Arthur Milikh is the executive director of The Claremont Institute’s Center for the American Way of Life. His work focuses on the tradition of American political thought and the freedom of speech.
Previously, he was the Associate Director of the Center for American Studies and AWC Family Foundation Fellow at The Heritage Foundation. Prior to Heritage, he worked at the House Committee on Armed Services and at The Hudson Institute.
Milikh’s writings have appeared in The Claremont Review of Books, National Affairs, City Journal, Real Clear Politics, Law & Liberty, and American Greatness.
Milikh holds a B.A. from Emory University, a Masters from the University of Chicago, and is a Ph.D. candidate at The Catholic University of America. He was a Lincoln Fellow in 2016.
Robert Delahunty is a Washington Fellow at The Claremont Institute’s Center for the American Way of Life. His research focuses on national sovereignty and anti-trust law.
He was LeJeune Chair and Professor of Law at the University of St. Thomas School of Law in Minneapolis, Minnesota. Prior to this, he was in the Senior Executive Service at the Office of Legal Counsel in the U.S. Department of Justice. He also served as Deputy General Counsel at he White House Office of Homeland Security, as special advisor to the Solicitor of Labor at the U.S. Department of Labor, and as special advisor to the Assistant Attorney General in the Civil Rights Division of the U.S. Department of Justice. He was an Associate at Sullivan & Cromwell in the litigating division.
Delahunty is a graduate of Harvard Law School, Oxford University, and Columbia University. He was a member of the philosophy faculty at Durham University in the United Kingdom and was a tutor in philosophy at Oriel College, Oxford University.
Delahunty has written numerous articles on constitutional law, international law, and Shakespeare and the law. He has published in The Wall Street Journal, The Federalist, Law & Liberty, National Review Online, and elsewhere. He co-authored a book on war with Antonio F. Perez and authored a book on the 17th century philosopher Baruch Spinoza.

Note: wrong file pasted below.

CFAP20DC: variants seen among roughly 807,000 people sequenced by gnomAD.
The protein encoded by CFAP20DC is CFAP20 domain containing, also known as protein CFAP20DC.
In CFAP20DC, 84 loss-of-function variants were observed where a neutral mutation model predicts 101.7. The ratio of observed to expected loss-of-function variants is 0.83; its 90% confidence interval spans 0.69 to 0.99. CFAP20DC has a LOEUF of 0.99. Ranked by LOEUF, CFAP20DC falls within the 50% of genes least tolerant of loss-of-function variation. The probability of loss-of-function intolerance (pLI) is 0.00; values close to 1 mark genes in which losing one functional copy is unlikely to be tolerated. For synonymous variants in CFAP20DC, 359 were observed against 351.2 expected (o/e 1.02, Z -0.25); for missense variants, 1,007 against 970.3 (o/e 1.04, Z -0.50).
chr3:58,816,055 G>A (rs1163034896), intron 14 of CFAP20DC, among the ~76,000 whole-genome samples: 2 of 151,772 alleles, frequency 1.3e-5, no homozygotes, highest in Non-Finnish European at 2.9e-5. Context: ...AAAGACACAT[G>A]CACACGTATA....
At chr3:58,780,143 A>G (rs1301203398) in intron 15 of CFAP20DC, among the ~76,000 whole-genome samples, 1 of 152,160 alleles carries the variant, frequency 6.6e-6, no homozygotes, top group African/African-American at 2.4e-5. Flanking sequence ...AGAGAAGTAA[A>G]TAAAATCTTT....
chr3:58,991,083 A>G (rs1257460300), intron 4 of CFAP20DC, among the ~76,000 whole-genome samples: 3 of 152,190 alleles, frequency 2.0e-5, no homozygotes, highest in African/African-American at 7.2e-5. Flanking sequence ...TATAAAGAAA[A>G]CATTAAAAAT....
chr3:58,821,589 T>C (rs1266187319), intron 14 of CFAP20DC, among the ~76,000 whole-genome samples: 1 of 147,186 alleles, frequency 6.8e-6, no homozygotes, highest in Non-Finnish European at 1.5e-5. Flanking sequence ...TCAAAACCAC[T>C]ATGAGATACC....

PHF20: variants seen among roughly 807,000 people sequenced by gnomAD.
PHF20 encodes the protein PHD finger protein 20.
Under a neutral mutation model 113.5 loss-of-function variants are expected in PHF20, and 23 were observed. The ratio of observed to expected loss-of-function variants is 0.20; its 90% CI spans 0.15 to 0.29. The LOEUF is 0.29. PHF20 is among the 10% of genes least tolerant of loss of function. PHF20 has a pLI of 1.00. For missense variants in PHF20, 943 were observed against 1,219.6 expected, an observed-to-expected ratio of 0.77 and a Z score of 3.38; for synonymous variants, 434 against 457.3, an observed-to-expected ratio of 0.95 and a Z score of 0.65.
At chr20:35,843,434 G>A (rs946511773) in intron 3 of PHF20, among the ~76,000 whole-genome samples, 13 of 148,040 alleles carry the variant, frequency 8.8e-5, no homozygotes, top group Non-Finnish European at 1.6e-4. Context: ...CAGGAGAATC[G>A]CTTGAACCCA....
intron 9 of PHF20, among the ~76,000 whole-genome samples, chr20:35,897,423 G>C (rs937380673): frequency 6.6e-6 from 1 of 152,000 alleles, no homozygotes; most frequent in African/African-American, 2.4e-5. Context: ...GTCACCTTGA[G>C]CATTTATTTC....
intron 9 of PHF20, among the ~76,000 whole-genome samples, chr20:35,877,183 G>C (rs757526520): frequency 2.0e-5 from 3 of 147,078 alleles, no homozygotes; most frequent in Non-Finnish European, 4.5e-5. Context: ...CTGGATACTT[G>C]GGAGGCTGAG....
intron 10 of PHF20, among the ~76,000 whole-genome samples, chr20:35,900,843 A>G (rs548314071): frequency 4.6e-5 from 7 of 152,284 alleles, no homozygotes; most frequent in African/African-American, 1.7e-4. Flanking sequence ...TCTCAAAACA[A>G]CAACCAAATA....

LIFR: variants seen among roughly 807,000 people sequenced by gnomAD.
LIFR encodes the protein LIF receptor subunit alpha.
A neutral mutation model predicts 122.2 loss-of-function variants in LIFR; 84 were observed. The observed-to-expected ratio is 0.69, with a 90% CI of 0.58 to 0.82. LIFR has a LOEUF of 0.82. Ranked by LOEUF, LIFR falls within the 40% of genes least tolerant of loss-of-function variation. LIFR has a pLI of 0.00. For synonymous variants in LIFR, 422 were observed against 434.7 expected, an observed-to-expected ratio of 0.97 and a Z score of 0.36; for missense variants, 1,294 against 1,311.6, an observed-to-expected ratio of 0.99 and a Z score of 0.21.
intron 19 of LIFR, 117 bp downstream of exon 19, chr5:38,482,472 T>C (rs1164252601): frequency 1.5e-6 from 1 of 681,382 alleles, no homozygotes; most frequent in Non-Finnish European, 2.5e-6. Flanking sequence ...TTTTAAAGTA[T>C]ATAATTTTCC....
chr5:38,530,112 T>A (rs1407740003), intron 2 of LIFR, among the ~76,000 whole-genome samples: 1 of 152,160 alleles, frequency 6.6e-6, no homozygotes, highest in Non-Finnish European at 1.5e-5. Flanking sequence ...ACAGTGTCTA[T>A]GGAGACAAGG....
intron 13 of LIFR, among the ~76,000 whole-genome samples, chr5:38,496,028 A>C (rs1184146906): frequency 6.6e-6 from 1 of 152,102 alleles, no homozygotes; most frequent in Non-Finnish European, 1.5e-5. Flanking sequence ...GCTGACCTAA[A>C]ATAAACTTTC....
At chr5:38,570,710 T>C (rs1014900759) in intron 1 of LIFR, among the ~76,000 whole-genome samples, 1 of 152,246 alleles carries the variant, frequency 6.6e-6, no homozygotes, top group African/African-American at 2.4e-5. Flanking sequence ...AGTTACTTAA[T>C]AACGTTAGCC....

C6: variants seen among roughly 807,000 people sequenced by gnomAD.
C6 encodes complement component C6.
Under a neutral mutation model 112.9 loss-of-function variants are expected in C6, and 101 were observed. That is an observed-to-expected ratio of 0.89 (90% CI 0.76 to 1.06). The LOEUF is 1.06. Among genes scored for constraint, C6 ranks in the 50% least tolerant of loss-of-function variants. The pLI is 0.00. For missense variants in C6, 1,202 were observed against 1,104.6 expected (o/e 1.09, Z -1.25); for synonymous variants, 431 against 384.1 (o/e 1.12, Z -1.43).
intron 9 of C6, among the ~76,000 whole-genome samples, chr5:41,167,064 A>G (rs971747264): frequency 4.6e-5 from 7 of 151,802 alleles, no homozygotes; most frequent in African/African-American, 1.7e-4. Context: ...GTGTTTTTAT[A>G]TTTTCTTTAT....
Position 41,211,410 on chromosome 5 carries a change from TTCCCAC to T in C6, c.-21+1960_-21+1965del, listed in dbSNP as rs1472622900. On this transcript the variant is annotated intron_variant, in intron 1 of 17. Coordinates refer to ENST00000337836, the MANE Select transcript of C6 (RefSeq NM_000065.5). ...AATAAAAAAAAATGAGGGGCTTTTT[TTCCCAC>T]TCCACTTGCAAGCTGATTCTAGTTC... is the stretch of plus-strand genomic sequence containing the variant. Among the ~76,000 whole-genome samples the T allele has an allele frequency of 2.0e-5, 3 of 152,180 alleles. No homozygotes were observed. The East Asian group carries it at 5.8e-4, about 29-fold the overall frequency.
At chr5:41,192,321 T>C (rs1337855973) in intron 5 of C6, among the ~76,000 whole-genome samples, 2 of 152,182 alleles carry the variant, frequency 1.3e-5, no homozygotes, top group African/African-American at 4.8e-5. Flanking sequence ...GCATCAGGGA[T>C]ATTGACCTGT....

David P. Goldman
David P. Goldman is a Washington Fellow at The Claremont Institute’s Center for the American Way of Life. His research focuses on China, American manufacturing, and trade policy.
Goldman is Deputy Editor of Asia Times, where he has written the "Spengler" column since 2001. He is also a Senior Fellow of the London Institute for Policy Research. He previously was a partner at Reorient Group (Hong Kong), and global head of fixed income research at Bank of America and Cantor Fitzgerald. He was also a Managing Director at Credit Suisse and Bear Stearns, a member of Institutional Investor's All-America Fixed Income Team, and was the Pulliam Fellow at Hillsdale College in 2017.
His books include You Will Be Assimilated: China's Plan to Sino-Form the World (2020), How Civilizations Die (2011), and It's Not the End of the World — It's Just the End of You (2011).
Goldman writes frequently for The Claremont Review of Books, The Wall Street Journal, First Things, Newsweek, Law & Liberty and Tablet Magazine. He has published numerous scholarly articles on economics, finance, and intellectual history.